Does it bother you?

(Emily) #1

Does it bother anyone else that YEC’s come on here to try and challenge our beliefs? Insisting their interpretation of Genesis is the ONLY interpretation and if you don’t view it literally then you’re wrong? It seems like some of them have no desire to actually hear what we have to say, just to prove us wrong.

It gets tiring.

Then there’s organizations like AIG who know nothing about Evolution and continue to spread confusion to honest seekers. Lying even though God says don’t lie.

God is for truth. Evolution is scientifically sound, therefore I believe God made everything through the process of Evolution. It’s not that hard.

I am mainly venting. Anyone else feel the same way?

(Christy Hemphill) #2

Emily, it is one of the missions of BioLogos to provide a forum for discussion of origins related topics and one of the invited demographics is young earth creationists. They are welcome to come here and present and defend their views. If those types of threads are threatening, or exhausting, or bothersome to you, just avoid them.

People start where they start and it doesn’t do any good to assume that because someone believes something strongly now, they will never change their mind. Our goal is to provide a welcoming atmosphere to anyone who wants to discuss these things. People who can’t follow our dialogue guidelines and are just here to preach at people will eventually be weeded out.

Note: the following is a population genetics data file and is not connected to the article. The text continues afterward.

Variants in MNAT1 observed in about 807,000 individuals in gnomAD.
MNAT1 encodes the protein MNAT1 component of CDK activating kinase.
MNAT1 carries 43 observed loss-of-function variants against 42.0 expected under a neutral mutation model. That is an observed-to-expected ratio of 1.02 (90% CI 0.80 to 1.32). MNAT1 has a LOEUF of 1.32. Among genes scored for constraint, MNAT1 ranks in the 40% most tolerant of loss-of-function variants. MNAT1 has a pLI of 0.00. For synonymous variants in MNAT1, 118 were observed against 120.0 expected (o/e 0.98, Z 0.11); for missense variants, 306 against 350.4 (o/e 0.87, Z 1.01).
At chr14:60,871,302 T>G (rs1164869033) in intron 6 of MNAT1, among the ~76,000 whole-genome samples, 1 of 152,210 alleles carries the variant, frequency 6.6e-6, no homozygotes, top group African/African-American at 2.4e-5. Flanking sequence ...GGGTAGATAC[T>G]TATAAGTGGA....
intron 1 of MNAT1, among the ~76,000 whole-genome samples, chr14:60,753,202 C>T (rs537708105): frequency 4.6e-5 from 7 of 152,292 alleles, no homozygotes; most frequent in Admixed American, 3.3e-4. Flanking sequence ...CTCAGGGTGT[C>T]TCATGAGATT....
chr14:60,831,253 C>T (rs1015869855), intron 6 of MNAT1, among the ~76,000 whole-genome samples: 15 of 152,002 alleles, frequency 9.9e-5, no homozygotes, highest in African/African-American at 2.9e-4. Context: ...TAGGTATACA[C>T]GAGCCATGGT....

(George Brooks) #3


Many months ago, when the pace of posting had been at a lull, I had proposed reaching out to a dozen or so YEC seminaries (or even a liberal arts evangelical college)… where 12 or so volunteer theological students could be a regular participant explaining his denomination’s views on various “planks” of Evolutionary theory. Every year, we could recruit a new batch.

This proposal wasn’t particularly popular… but within a week or so… the pace picked up and hasn’t slackened that much since that original slow period.

(Brad Kramer) #4

@Celticroots yes, I find it exhausting, too.

This is an Open Forum, but we are pretty obviously aligned with one perspective, and most people here subscribe to that perspective. Thus, when people from other perspectives come here, they are most likely looking for an argument. This is just the reality. Our main task is to demonstrate patience and graciousness with these folks. It is unlikely that many of them will change their mind (internet arguments rarely produce this effect).

Think of it this way: If a barbecue enthusiast walks into a PETA meeting, he’s probably not there to chat and make friends.

TL;DR: I agree with Christy.


More than 13,000 Christian clergy agree with you. You may want to check out the The Clergy Letter Project where you can find this statement: